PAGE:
IT'S hard to get bored in Brazil. There is always football of course, and the country just won the Copa America.
But there are many more different kicks in this land of 27 states and 188 million people, and the backpacker does have a challenge in deciding where to start.
Though the buses are excellent, distances between destinations can be huge. For long distances, flying is recommended but tickets can be exorbitant.
Little wonder then that many backpackers prefer to stick to the north-east to discover Brazil at leisure. Distances between destinations are easily covered by bus or, better still, by air, which is affordable in this region, thanks to low-cost carriers like TAM and GOL.
STREET COOL: Artistic expressions brighten the walls along the cobbled streets of Salvador's Pelourinho.
CHURCH BEAUTY: The baroque sandstone facade of Igreja da Ordem Terceira de Sao Francisco in Salvador is a work of art.
NORTH-EAST Brazil, which comprises nine states, is where the Portuguese first landed and settled. Salvador, the capital of Bahia state, is the crown jewel of the region, overlooking a vast bay the Portuguese sailed into in 1549.
They derived their wealth from planting sugar and tobacco and brought in hundreds of thousands of slaves from west Africa. This has given Salvador its unique flavour today - a European city with an overwhelming black population whose African traditions still survive.
The best of Salvador's architectural gems can be seen in the Old Town or Pelourinho (whipping post) where slaves were auctioned and tortured.
However, despite many fabulous churches (don't miss the Sao Francisco Church with its gold-covered jacaranda wood carvings) and museums, chances are you will be spending more time out in the cobbled, steep and winding streets.
The distractions are many - a capoeira (martial art) display, a drum performance, a street party or the beat of tambourines wafting from a music shop tucked among pastel-coloured colonial buildings.
Vendors hawk hammocks, handicrafts and CDs while the Baianas, women in big colourful traditional skirts and headscarves, are hired by restaurants to entice you to drop in.
In bars and nightclubs, beer is 2 to 5 rials (S$1.60 to S$4) a bottle. There is seldom a cover charge, unlike in Rio de Janeiro, and there is always a good crowd and dancing.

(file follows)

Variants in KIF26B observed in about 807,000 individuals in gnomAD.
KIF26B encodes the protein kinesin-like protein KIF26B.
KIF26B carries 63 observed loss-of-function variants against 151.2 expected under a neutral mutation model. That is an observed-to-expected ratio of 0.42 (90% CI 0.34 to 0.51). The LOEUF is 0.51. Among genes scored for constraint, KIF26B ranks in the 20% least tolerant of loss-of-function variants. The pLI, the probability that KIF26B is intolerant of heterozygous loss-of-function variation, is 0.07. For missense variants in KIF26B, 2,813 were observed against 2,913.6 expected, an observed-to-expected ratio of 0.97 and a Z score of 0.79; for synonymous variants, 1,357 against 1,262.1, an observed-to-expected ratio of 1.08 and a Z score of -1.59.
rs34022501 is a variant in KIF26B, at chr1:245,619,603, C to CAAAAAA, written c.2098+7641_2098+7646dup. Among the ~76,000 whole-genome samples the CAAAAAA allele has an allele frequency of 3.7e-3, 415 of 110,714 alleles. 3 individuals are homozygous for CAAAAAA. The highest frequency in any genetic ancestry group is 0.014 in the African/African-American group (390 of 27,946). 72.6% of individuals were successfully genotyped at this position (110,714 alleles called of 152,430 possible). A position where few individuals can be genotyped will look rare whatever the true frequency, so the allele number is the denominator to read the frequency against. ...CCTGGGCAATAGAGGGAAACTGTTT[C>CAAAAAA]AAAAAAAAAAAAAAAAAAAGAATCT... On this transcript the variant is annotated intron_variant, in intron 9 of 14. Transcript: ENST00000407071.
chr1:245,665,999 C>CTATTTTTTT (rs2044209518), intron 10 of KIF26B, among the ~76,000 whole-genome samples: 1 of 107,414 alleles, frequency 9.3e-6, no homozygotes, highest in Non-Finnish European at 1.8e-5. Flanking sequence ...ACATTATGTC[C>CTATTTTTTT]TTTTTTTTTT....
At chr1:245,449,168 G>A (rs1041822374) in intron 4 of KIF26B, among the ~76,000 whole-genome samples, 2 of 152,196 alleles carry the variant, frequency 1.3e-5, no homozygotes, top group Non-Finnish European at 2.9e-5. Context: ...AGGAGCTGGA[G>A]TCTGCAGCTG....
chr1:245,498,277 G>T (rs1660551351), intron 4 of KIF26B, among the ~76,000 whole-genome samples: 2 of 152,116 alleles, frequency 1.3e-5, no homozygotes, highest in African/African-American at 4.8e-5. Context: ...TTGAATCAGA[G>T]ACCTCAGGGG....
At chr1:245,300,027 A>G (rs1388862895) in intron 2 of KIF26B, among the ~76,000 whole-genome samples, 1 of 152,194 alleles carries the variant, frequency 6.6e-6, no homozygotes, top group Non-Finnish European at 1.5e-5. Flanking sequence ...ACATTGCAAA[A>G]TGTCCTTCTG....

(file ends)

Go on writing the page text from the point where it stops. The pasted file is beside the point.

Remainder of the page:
IF SALVADOR is Brazil's music and cultural capital, Olinda, in the state of Pernambuco to the north, comes a close second. To get to Olinda, you fly (90 minutes, 112 rials) or take the overnight bus to Recife (12 hours, 98 rials). From there, it is 7km to Olinda by bus or taxi.
The city is spread across a series of small hills with steep streets lined with beautiful old houses, churches and elegant squares.
RIOT OF COLOURS: Creative art work adorns the walls of a typical building in Olinda.
It is best explored by a leisurely stroll through its historic quarter. You can duck into old churches and convents, browse in open-air arts and crafts markets, have a refreshing coconut drink at a street stall or simply admire the baroque facades of colonial buildings.
One evening, I was drawn to the mesmerising beat of drums from a building that looked like a warehouse; inside, it was packed with youngsters dancing away.
If the music is good, so too is the food. On Rua do Amparo, it is dining with a view (overlooking the ocean and Recife) at trendy restaurants, with names like Goya and Officina de Sabor, offering shrimp and fish.
FROM Olinda, it is only seven hours by bus to Natal but it is a world away - one of beaches, great surfing, giant sand dunes and buggy rides.
Although Natal, the capital of Rio Grande do Norte, was founded in 1598 with a Portuguese fort as proof of its antiquity, it has hardly any traces of its colonial heritage.
The modern city is focused on providing fun for holidaymakers.
ITSY-BITSY, POLKA-DOTTED: Babes in 'dental floss bikinis' enjoying the sun at Jericoacoara.
Natal is a good introduction to Brazil's beach culture. The desire to sun on the beach and frolic in the sea is so great that even tables and chairs are placed in the water.